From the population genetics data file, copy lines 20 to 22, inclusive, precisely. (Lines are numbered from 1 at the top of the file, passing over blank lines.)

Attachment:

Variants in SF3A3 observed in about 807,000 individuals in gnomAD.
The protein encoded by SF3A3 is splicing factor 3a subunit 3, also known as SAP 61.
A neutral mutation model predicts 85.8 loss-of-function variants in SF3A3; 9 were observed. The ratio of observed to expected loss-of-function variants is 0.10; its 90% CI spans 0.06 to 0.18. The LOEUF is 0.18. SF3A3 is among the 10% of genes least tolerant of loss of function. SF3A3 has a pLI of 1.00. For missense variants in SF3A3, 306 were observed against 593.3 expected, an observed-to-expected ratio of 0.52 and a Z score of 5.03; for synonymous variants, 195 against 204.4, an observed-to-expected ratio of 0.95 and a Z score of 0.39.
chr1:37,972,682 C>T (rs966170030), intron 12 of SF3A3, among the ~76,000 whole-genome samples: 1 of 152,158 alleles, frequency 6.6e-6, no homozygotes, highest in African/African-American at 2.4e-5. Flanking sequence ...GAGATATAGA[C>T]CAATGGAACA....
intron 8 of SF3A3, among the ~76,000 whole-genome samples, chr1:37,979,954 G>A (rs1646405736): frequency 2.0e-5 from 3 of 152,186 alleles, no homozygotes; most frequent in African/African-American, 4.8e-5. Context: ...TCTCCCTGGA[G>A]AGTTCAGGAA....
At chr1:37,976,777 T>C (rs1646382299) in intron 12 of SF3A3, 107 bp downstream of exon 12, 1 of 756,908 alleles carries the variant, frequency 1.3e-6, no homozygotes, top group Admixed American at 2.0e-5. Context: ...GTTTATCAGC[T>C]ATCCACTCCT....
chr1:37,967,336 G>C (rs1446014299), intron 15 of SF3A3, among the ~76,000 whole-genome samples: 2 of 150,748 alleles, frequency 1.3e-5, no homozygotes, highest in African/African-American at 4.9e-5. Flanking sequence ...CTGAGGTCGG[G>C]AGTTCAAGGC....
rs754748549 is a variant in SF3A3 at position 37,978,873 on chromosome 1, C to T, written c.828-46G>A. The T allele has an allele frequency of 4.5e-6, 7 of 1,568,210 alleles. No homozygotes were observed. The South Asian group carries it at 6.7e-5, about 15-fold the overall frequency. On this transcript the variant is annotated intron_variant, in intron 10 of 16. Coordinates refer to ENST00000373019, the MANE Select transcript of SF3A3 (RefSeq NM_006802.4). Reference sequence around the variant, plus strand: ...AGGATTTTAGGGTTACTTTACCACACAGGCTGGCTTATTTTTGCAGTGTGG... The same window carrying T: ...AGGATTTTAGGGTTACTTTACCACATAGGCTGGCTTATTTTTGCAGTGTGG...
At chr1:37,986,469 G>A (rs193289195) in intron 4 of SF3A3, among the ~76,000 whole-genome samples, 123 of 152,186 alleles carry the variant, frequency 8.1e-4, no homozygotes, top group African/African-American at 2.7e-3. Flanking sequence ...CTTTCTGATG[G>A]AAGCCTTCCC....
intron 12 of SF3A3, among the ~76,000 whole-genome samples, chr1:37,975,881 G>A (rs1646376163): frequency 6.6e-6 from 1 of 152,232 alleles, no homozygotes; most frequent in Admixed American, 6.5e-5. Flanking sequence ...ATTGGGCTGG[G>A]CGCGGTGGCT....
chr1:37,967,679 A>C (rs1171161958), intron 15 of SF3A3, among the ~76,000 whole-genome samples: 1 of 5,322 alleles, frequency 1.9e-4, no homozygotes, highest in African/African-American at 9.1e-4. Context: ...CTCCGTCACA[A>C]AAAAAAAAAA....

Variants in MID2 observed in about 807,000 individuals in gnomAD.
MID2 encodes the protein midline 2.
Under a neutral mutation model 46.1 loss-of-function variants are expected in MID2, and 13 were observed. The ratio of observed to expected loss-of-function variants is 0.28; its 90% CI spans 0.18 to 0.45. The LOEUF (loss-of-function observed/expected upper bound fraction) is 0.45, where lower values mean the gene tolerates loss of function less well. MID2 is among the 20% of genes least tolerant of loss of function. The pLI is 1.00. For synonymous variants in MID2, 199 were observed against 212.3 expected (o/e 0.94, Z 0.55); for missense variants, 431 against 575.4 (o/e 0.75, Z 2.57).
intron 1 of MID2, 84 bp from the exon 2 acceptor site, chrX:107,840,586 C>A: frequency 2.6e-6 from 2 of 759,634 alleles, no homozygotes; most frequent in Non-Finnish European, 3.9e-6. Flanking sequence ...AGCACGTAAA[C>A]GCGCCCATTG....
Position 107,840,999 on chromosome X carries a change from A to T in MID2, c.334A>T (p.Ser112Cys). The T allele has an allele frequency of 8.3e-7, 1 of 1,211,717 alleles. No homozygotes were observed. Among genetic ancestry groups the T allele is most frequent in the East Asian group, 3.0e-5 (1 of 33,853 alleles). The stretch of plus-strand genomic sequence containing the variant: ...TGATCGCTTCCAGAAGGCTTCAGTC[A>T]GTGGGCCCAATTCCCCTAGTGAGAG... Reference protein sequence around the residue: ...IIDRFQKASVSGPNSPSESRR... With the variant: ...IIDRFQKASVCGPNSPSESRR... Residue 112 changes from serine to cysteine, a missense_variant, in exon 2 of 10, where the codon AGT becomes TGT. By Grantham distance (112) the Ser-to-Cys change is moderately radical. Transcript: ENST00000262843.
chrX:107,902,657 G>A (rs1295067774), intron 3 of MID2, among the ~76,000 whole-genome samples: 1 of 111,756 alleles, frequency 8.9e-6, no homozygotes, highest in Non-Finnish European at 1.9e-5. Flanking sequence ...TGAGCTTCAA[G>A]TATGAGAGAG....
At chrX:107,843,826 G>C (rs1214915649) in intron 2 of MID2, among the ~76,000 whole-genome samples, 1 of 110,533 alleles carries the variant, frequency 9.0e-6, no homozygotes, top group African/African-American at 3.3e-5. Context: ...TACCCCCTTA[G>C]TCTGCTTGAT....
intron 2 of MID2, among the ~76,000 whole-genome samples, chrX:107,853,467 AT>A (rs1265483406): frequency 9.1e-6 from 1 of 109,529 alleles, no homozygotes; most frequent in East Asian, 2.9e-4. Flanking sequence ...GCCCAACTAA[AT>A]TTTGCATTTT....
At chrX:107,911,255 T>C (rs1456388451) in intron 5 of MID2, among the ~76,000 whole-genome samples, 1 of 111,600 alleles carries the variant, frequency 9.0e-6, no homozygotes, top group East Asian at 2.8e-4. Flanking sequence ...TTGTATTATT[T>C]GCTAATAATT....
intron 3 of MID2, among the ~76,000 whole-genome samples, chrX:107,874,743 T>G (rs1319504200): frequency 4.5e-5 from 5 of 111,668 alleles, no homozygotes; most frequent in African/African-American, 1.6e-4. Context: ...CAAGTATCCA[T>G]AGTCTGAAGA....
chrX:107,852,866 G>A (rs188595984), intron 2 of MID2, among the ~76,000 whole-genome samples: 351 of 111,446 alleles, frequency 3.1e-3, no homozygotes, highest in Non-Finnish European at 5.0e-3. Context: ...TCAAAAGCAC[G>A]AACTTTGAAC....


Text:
At chrX:107,911,255 T>C (rs1456388451) in intron 5 of MID2, among the ~76,000 whole-genome samples, 1 of 111,600 alleles carries the variant, frequency 9.0e-6, no homozygotes, top group East Asian at 2.8e-4. Flanking sequence ...TTGTATTATT[T>C]GCTAATAATT....
intron 3 of MID2, among the ~76,000 whole-genome samples, chrX:107,874,743 T>G (rs1319504200): frequency 4.5e-5 from 5 of 111,668 alleles, no homozygotes; most frequent in African/African-American, 1.6e-4. Context: ...CAAGTATCCA[T>G]AGTCTGAAGA....
chrX:107,852,866 G>A (rs188595984), intron 2 of MID2, among the ~76,000 whole-genome samples: 351 of 111,446 alleles, frequency 3.1e-3, no homozygotes, highest in Non-Finnish European at 5.0e-3. Context: ...TCAAAAGCAC[G>A]AACTTTGAAC....